c. As a result of such manipulations, corporations are now required to report their earnings on a “fully diluted” basis, to account for the new common shares that must be set aside for potential conversions. The music slowed drastically for the conglomerates on January 19, 1968. On that day, the granddaddy of the conglomerates, Litton Industries, announced that earnings for the second quarter of that year would be substantially less than had been forecast. In the selling wave that followed, conglomerate stocks declined by roughly 40% before a feeble recovery set in.
d. The aftermath of this speculative phase revealed two factors. First, conglomerates were mortal and were not always able to control their far-flung empires. Second, the government and the accounting profession expressed real concern about the pace of mergers and about possible abuses. Few mutual or pension funds were without large holdings of conglomerate stocks. They were hurt badly. During the 1980s and 1990s deconglomeration came into fashion. Many of the old conglomerates began to shed their unrelated, poor-performing acquisitions to boost their earnings.
3. Performance comes to the market: the Bubble in Concept stocks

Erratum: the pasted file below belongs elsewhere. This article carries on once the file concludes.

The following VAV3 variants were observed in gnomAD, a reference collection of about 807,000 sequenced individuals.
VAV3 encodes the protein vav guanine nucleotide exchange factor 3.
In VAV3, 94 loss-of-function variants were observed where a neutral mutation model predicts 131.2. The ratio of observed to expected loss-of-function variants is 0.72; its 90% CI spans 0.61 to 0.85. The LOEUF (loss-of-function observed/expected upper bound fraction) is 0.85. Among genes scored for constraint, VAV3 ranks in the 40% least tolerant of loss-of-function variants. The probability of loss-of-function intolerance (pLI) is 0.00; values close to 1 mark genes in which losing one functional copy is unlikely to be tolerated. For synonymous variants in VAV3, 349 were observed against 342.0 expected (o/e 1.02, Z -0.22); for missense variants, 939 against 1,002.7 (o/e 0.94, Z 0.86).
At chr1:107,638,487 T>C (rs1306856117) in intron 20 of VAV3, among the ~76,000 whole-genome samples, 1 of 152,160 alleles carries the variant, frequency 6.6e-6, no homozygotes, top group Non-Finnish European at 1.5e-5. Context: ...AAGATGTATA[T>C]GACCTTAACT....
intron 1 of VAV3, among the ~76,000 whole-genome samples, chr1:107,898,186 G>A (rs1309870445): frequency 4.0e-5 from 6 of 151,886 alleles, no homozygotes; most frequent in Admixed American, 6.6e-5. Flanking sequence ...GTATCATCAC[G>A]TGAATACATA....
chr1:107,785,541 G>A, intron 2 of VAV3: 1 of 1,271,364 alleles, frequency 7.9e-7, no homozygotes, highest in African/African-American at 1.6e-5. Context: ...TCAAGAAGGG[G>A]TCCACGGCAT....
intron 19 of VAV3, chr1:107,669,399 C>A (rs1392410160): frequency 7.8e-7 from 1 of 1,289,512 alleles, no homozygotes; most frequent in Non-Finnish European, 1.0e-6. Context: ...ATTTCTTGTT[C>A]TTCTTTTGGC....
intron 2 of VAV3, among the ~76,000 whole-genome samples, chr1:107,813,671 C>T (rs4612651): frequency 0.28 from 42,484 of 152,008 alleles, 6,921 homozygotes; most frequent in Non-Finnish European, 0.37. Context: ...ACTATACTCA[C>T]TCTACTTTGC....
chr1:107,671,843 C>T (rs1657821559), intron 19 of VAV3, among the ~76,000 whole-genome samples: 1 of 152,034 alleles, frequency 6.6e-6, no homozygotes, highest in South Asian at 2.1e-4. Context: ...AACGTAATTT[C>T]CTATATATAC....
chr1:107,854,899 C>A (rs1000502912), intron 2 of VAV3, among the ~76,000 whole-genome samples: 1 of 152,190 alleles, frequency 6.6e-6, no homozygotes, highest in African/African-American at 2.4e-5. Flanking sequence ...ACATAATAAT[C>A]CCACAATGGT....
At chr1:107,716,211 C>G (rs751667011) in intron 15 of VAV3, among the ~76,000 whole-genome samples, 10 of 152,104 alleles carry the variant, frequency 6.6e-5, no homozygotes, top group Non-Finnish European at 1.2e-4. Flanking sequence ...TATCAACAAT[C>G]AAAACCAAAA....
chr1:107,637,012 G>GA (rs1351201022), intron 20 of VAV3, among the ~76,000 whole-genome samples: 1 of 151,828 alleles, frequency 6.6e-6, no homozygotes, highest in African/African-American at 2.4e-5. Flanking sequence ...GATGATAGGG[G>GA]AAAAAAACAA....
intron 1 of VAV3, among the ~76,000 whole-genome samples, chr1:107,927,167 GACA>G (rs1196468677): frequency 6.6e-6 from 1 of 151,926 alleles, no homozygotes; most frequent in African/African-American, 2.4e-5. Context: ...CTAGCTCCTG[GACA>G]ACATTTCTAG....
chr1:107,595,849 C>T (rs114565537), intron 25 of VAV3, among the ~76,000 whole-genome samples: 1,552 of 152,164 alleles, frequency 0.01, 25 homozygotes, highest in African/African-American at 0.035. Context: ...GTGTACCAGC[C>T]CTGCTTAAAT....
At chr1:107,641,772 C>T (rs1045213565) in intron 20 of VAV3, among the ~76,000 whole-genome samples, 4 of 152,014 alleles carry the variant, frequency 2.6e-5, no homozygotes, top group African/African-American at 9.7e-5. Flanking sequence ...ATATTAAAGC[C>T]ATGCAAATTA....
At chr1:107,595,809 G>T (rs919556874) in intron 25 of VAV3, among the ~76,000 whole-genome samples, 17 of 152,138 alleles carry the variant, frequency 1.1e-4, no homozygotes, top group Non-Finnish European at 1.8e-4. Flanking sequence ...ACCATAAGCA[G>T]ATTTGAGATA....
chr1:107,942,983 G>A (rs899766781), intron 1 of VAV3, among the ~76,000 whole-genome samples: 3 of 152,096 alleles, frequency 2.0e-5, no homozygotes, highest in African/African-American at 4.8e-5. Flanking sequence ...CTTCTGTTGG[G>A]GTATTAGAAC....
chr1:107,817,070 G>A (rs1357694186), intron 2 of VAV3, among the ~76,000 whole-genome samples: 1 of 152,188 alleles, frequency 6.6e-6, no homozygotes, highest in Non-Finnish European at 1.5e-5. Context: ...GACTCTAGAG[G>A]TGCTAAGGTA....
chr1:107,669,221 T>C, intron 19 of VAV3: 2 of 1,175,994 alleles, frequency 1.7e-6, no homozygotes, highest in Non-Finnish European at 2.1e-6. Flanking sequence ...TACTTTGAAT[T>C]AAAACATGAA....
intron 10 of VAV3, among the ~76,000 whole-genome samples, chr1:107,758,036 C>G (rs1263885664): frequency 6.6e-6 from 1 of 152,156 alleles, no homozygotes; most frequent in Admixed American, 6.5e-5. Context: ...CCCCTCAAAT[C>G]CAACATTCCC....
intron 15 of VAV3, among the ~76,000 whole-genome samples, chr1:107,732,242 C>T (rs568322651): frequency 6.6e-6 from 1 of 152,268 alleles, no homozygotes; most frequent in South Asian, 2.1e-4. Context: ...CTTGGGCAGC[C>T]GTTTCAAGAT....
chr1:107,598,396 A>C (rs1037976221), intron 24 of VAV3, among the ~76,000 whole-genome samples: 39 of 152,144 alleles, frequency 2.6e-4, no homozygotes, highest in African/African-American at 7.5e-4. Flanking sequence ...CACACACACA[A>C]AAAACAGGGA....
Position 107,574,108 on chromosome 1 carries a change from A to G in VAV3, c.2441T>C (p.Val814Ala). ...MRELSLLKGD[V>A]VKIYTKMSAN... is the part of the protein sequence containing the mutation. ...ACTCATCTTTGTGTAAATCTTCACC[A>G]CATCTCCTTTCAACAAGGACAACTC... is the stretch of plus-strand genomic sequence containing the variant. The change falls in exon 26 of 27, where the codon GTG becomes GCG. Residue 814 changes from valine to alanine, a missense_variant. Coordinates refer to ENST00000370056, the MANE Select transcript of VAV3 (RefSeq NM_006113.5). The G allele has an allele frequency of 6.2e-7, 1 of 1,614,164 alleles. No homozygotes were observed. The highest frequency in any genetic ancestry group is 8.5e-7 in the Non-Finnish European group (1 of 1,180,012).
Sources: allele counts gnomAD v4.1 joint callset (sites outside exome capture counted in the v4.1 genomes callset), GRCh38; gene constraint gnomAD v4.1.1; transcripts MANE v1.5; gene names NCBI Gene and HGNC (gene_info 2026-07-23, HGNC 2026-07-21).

a. With conglomerates shattering about them, the managers of investment funds found another magic word: performance in the late 1960s. The commandments for fund managers were simple: Concentrate your holdings in a relatively few stocks and don’t hesitate to switch the portfolio around if a more desirable investment appears. And because near-term performance was important it would be best to buy stocks with an exciting concept and a compelling and believable story. Hence, the birth of the so-called concept stock.
b. Cortess Randall was the founder of National Student Marketing (NSM). His concept was a youth company for the youth market. Blocks of NSM were bought by 21 institutional investors. Its highest price was 35.25. However, in 1970, its lowest price was 7/8.
II. The Sour Seventies
1. In the 1970s, Wall Street’s pros vowed to return to “sound principles.” Concepts were out and investing in blue-chip companies was in. They were called the “Nifty fifty”, also “one decision” stocks. You made a decision to buy them, once, and your portfolio management problems were over.